Brown Pelican (Pelecanus occidentalis)

This article was originally published by the Washington Department of Fish and Wildlife as part of its annual report Threatened and Endangered Wildlife in Washington.

Brown pelican. Photo by D. Stinson.
Brown pelican. Photo by D. Stinson.


State Status: Endangered, 1980
Federal Status: Species of concern
Recovery Plans: None

Brown pelicans seen in Washington belong to the California subspecies, Pelecanus occidentalis californicus. They nest on islands in the Gulf of California and along the coast of Baja California to the Channel Islands National Park in southern California. In California, they feed primarily on Pacific mackerel, Pacific sardines, and northern anchovies (USFWS 2009).

Brown pelicans are sensitive to bioaccumulation of the pesticide DDT which causes reproductive failure by altering calcium metabolism and thinning eggshells.  California brown pelicans declined drastically in the 20th century as a result of DDT contamination, particularly off the coast of Los Angeles where a manufacturing plant discharged DDT residues into the sewage system for many years (Shields 2002). Pollution and perhaps persecution by fishermen adversely affected pelicans.  By the 1960s, even single birds in Washington were noteworthy (Wahl 2005).  The brown pelican was listed as endangered by the USFWS under the Endangered Species Act in 1970.

Location of East Sand Island.

The brown pelican recovered after the banning of most uses of DDT and the cleanup of DDT and derivatives from sediments off the California coast. The species began to reoccupy the Washington part of its non-breeding range in the early 1980s (Wahl and Tweit 2000).  Since 1985, the California subspecies has exceeded a recovery objective of at least 3,000 breeding pairs during all but 2 years (1990, 1992), and has exceeded 6,000 pairs for 10 of the last 15 years. The brown pelican was removed from the federal Endangered Species List in 2009 (USFWS 2009).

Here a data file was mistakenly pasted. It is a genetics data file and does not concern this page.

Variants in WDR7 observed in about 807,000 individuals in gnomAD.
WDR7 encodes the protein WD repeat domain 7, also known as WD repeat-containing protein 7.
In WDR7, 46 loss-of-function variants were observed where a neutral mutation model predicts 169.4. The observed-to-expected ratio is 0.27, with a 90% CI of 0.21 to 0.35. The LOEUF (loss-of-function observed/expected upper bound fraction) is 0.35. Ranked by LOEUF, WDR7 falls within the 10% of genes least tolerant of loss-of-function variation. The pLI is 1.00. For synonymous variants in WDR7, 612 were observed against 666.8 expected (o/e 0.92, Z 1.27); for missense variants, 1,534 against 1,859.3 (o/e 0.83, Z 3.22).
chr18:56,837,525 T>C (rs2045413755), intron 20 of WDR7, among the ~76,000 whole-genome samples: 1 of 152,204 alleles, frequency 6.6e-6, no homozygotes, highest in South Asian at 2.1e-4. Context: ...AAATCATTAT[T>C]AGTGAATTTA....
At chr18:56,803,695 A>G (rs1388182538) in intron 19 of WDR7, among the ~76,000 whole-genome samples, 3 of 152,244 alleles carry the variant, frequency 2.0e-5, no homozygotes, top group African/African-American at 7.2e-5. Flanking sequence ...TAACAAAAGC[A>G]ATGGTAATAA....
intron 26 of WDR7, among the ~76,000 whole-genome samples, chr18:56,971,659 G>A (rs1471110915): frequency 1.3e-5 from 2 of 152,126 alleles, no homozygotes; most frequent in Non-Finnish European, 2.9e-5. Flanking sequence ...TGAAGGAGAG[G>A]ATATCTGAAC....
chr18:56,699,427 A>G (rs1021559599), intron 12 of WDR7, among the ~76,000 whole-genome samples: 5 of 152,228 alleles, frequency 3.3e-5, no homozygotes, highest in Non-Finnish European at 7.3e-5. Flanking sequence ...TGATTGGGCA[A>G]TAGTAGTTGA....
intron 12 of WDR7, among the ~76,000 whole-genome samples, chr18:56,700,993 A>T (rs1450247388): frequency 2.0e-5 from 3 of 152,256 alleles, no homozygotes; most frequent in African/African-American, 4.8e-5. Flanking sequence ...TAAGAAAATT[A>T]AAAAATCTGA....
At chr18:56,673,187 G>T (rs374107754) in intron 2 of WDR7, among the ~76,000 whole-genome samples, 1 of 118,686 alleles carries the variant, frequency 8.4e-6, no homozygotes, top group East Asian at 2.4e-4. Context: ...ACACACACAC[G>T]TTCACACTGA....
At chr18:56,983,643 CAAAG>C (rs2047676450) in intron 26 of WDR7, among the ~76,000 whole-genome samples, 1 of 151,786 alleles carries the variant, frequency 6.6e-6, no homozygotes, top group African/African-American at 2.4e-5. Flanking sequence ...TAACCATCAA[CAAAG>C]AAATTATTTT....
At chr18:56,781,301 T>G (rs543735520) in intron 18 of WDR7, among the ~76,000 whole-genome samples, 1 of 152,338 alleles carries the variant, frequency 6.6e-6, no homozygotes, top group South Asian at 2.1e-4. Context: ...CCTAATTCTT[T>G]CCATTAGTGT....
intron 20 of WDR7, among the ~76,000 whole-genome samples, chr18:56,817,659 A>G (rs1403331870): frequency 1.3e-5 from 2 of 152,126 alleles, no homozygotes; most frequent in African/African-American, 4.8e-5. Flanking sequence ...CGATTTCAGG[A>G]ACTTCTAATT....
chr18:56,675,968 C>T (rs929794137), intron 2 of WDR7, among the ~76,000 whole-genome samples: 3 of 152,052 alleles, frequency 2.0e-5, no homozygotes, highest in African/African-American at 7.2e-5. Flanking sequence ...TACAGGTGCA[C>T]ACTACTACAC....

Brown pelicans now occur in substantial numbers (7,000–10,000) in Washington’s outer coastal waters, mainly from late April through October (Wahl 2005). Small numbers occur in the Strait of Juan de Fuca and Puget Sound.  East Sand Island in the Columbia River estuary is the largest known post-breeding nighttime roost site for California brown pelicans (Figure 2). In 2012, weekly counts of brown pelicans roosting on East Sand Island peaked at 10,570 on 22 July; counts peaked at about 14,224 in 2011, 11,500 in 2010, and over 16,000 in 2009, the highest count ever recorded for the island ( Brown pelicans feed primarily on schooling marine forage fishes which are abundant near East Sand Island (Emmett et al. 2006). The absence of salmon PIT tags in a sample plot suggests that brown pelicans roosting on East Sand Island are not feeding on salmon smolts (Roby and Collis 2012).

The species may be proposed for de-listing in Washington in 2013.   Brown pelicans are protected from ‘take’ by federal law (Migratory Bird Treaty Act), and would remain protected by state law (as ‘protected wildlife’) if delisted.